In terms of concrete art historical evidence, the show works brilliantly with a methodical presentation of clear examples of the cross-pollination of ideas and designs between the two artists. The Vatican museums have loaned the Gallery a 1975 plaster cast of Michelangelo’s “Pietà” of 1497–1500, shown opposite del Piombo’s Pietà, or “Lamentation over the Dead Christ” (c. 1512–16). (Enjoy it — this is the closest you’ll get to the sculpture; the real thing should never leave its bulletproof case at St. Peter’s cathedral in Rome.) Each piece has its monumental, centrally positioned Virgin arranged to be perpendicular to the horizontal Christ, yet del Piombo makes innovative changes by including a nocturnal setting. More thrilling is the adjacent drawing by Michelangelo: a study of hands (among other bits and bobs), which is placed directly in the line of sight of the Virgin’s hands in del Piombo’s “Lamentation.” So displayed, it’s extremely hard to defy the argument that the former was a preparatory drawing for the latter. If this isn’t exciting enough, on the back of the “Lamentation” panel are sketches the National posits as studies consistent with designs in the Sistine Chapel; suggesting Michelangelo used this panel to sketch out designs and ideas eventually used there.
The same presentation occurs again for two main del Piombo showpieces, demonstrating a working relationship in which del Piombo blended into his oil painting drawings provided by Michelangelo. The near four-meter-tall “Raising of Lazarus” (1517–1519) — apparently del Piombo’s answer to Raphael’s “Transfiguration” (1516-20) — is surrounded by supporting drawings. Sensationally, del Piombo’s Borgherini Chapel in Rome has been reconstructed here using state of the art printing technology to add visual heft to the translation of Michelangelo’s preparatory drawings.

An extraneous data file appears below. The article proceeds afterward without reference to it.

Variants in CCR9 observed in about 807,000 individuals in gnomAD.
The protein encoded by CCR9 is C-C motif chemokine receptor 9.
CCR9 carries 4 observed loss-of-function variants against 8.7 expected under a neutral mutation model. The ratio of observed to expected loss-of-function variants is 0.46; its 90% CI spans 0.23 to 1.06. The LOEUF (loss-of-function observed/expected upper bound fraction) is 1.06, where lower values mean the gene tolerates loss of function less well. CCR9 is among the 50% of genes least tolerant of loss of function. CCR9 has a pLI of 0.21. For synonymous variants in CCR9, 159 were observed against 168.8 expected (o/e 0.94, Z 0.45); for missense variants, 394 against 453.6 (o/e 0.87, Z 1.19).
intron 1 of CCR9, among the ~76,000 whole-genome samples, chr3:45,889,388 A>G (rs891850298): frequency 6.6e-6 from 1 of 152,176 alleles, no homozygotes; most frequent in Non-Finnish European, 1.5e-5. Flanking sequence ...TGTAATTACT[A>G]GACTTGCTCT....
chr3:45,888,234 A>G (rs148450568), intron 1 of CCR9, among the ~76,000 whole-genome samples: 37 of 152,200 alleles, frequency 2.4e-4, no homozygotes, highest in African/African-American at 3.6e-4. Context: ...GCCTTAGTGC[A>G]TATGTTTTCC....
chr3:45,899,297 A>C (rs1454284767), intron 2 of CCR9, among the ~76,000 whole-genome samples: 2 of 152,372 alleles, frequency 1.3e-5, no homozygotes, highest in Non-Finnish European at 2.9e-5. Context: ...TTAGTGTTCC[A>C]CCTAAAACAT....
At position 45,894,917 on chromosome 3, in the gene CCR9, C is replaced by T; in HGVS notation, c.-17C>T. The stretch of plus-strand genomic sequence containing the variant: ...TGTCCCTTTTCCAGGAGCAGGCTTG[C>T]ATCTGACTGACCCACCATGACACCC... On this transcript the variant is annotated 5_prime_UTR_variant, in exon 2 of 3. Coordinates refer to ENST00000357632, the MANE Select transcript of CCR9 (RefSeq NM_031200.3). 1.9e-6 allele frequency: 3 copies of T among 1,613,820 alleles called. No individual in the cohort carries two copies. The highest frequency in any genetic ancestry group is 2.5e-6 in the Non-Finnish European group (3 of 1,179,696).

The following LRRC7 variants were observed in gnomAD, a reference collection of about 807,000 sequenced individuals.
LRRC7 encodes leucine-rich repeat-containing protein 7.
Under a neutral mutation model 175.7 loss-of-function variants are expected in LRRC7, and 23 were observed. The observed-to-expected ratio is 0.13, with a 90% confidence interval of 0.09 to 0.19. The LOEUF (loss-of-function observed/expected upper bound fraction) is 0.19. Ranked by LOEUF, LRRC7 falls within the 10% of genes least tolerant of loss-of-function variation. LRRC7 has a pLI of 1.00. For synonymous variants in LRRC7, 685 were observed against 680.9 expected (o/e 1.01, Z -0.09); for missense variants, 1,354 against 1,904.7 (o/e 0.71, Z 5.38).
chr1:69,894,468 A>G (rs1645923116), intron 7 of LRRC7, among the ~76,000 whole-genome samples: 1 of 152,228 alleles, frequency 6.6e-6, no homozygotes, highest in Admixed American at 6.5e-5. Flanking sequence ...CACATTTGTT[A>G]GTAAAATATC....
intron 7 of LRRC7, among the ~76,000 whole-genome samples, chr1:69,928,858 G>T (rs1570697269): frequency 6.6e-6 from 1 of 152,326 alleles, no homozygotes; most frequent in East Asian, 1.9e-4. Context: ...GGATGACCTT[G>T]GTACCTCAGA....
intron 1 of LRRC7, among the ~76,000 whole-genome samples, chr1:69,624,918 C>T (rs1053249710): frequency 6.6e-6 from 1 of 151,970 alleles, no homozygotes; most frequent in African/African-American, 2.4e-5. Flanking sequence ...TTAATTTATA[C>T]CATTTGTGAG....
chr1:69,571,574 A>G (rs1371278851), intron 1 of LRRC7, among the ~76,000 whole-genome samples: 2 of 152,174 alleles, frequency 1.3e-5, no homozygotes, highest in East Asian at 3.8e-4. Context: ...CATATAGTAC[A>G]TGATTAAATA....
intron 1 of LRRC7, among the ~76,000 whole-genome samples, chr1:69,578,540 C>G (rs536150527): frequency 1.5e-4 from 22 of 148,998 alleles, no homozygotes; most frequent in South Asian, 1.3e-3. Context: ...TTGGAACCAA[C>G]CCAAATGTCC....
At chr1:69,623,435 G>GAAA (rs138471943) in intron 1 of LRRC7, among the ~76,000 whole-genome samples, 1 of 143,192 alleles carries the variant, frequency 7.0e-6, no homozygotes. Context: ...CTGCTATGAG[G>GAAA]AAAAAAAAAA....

The rigorous, academic method of display absolutely makes this show. It is undeniable, looking at the key examples in the “Lamentation” and “Raising of Lazarus,” that there is little to distinguish del Piombo as a key Renaissance presence. The latter piece has been in the National’s collection since 1824, yet for all its scale and vibrant colour it somehow still feels uninspiring and workman-like. That del Piombo was not a Renaissance master of the level of Michelangelo is confirmed in the final room covering their parting of ways after
1536 by which time Michelangelo has broken from his one-time collaborator, labelling him, according to the final room’s wall caption, “lazy.” Del Piombo’s latter works melt into generic Italian Renaissance fare. The show’s press has trumpeted much about the envelope-pushing reconstruction of the Borgherini Chapel, and boasted of some admittedly excellent loans. The Pietà copy, and the two versions of Michelangelo’s the Risen Christ — one from 1514, loaned by the San Vincenzo Monastery in Bassano Romano, the other a cast of its second version from Santa Maria sopra Minerva in Rome, both surrounded by exceptional preparatory drawings — are a very rare treat indeed. However, Michelangelo’s “Taddei Tondo” (1504–06) doesn’t count since it’s otherwise freely viewable in the Royal Academy, down the road, the presence of the Pietà copy, and the two versions of Michelangelo’s the Risen Christ — one from 1514 loaned by the San Vincenzo Monastery in Bassano Romano, the other a cast of its second version from Santa Maria sopra Minerva in Rome, both surrounded by exceptional preparatory drawings – are a very rare treat indeed.
Most importantly, the exhibition has successfully steered clear of unduly inflating the importance of del Piombo, or presented another painter as an excuse for yet more Michelangelo worshipping. It is fortunate that their 25-year friendship has proven ripe for examination. It provides a rewarding experience that overcomes the complaint by some critics that Michelangelo by nature just dominates any other artist on the bill.